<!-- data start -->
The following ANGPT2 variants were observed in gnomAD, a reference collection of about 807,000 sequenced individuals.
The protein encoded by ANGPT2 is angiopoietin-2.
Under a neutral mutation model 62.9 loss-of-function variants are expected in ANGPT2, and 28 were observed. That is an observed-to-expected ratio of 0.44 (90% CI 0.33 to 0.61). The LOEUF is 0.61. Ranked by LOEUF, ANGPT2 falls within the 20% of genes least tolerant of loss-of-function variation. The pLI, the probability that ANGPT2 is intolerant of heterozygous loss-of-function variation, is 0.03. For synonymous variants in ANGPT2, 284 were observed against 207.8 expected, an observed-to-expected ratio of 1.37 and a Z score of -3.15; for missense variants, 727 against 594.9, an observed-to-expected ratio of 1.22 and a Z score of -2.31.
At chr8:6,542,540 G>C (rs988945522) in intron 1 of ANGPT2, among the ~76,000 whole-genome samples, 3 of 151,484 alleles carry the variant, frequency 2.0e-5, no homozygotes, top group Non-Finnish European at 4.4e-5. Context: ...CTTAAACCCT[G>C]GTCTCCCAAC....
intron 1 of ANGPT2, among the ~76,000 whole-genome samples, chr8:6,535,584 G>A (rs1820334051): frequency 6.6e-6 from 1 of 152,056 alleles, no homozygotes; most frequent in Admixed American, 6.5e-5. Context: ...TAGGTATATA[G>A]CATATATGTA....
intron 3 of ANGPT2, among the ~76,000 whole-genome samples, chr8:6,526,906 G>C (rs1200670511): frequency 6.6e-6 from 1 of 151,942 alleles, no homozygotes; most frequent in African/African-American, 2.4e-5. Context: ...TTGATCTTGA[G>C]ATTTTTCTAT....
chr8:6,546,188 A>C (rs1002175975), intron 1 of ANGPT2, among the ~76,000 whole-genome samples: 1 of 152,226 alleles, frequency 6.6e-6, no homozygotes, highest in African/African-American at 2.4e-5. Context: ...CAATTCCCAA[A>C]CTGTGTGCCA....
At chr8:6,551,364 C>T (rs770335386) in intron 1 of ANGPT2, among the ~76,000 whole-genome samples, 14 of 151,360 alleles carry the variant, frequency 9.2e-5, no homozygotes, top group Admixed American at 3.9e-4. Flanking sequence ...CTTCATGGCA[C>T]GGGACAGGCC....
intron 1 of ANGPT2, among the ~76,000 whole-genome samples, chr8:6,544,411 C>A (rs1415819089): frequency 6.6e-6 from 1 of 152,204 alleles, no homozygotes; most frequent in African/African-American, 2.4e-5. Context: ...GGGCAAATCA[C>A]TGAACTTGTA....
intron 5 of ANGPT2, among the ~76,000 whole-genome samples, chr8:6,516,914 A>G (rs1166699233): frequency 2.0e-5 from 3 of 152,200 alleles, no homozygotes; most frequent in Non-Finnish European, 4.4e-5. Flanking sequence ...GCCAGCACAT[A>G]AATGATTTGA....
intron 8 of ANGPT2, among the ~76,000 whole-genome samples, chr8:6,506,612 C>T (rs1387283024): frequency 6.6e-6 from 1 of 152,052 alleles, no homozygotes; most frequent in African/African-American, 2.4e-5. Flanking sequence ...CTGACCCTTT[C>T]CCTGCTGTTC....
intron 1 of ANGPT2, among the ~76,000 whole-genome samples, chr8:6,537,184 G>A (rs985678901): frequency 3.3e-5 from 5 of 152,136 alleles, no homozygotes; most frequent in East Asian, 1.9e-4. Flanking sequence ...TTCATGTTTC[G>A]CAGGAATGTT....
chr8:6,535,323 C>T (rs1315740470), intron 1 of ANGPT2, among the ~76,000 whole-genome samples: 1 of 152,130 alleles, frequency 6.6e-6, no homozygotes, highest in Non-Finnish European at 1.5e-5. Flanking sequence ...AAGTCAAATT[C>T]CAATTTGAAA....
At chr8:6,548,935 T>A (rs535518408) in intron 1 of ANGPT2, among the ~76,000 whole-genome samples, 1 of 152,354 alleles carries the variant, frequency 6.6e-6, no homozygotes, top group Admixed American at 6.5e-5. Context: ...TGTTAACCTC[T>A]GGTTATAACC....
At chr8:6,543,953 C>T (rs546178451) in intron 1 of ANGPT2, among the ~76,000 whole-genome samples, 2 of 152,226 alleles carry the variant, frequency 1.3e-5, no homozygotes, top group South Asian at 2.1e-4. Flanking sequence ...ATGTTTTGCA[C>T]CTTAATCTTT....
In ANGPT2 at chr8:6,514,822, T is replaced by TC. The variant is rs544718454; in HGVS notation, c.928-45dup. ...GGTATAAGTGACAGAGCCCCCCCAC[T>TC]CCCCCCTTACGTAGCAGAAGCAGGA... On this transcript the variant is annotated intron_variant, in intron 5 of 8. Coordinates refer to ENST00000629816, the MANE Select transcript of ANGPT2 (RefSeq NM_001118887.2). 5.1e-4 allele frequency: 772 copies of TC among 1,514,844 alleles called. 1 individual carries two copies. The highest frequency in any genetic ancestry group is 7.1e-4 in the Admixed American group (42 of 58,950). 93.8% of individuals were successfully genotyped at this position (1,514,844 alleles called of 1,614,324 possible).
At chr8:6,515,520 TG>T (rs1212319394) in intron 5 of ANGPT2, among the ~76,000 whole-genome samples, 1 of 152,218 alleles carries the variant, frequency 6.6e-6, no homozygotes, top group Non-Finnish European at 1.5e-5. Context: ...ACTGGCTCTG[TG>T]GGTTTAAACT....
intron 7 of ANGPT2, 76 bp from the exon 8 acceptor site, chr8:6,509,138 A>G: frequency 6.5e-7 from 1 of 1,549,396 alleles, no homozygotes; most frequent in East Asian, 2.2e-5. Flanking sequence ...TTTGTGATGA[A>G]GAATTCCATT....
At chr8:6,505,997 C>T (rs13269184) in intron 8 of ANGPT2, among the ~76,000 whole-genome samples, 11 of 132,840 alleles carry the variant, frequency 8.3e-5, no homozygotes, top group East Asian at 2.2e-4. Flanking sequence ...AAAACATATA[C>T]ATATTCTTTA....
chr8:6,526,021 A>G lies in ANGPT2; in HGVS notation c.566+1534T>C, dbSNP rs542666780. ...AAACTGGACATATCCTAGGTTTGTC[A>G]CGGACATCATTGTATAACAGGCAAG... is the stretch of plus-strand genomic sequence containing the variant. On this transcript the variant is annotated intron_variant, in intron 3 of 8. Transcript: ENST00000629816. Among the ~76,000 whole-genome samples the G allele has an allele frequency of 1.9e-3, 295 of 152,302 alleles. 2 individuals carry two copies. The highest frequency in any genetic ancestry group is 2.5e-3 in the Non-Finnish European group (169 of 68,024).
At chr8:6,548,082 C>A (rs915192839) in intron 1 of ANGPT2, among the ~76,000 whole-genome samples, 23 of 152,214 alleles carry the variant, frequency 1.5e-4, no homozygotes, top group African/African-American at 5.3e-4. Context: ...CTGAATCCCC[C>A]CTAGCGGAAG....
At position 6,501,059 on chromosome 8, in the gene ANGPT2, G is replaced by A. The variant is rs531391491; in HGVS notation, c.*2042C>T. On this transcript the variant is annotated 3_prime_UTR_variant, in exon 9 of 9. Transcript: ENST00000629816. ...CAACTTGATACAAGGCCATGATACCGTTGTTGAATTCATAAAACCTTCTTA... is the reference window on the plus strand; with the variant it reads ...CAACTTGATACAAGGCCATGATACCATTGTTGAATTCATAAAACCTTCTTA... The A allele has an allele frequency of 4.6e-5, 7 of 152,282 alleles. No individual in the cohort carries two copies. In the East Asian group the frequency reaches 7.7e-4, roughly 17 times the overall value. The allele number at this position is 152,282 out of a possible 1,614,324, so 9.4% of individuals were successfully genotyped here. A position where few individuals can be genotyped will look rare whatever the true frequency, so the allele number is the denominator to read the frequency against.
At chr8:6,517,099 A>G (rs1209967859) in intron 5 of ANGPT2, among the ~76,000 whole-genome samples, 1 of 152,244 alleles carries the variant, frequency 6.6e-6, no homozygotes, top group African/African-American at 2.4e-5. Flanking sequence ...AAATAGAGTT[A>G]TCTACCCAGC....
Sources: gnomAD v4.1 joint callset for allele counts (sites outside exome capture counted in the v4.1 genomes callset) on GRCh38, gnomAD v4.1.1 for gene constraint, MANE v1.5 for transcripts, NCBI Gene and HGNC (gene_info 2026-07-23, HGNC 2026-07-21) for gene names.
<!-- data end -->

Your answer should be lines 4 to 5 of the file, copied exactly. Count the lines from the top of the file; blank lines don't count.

At chr8:6,542,540 G>C (rs988945522) in intron 1 of ANGPT2, among the ~76,000 whole-genome samples, 3 of 151,484 alleles carry the variant, frequency 2.0e-5, no homozygotes, top group Non-Finnish European at 4.4e-5. Context: ...CTTAAACCCT[G>C]GTCTCCCAAC....
intron 1 of ANGPT2, among the ~76,000 whole-genome samples, chr8:6,535,584 G>A (rs1820334051): frequency 6.6e-6 from 1 of 152,056 alleles, no homozygotes; most frequent in Admixed American, 6.5e-5. Context: ...TAGGTATATA[G>A]CATATATGTA....